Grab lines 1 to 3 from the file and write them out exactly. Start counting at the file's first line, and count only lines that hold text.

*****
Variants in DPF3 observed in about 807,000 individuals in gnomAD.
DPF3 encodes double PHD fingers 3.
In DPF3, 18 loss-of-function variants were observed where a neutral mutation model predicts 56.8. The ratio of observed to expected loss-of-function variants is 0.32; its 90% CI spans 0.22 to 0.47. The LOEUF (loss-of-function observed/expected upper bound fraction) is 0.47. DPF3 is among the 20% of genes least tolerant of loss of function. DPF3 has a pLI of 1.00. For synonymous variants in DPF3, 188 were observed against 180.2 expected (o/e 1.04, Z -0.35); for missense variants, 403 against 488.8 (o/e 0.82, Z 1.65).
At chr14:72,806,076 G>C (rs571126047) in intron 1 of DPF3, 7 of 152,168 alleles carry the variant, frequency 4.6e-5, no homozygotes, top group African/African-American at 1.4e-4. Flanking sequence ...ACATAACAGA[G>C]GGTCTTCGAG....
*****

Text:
Variants in DPF3 observed in about 807,000 individuals in gnomAD.
DPF3 encodes double PHD fingers 3.
In DPF3, 18 loss-of-function variants were observed where a neutral mutation model predicts 56.8. The ratio of observed to expected loss-of-function variants is 0.32; its 90% CI spans 0.22 to 0.47. The LOEUF (loss-of-function observed/expected upper bound fraction) is 0.47. DPF3 is among the 20% of genes least tolerant of loss of function. DPF3 has a pLI of 1.00. For synonymous variants in DPF3, 188 were observed against 180.2 expected (o/e 1.04, Z -0.35); for missense variants, 403 against 488.8 (o/e 0.82, Z 1.65).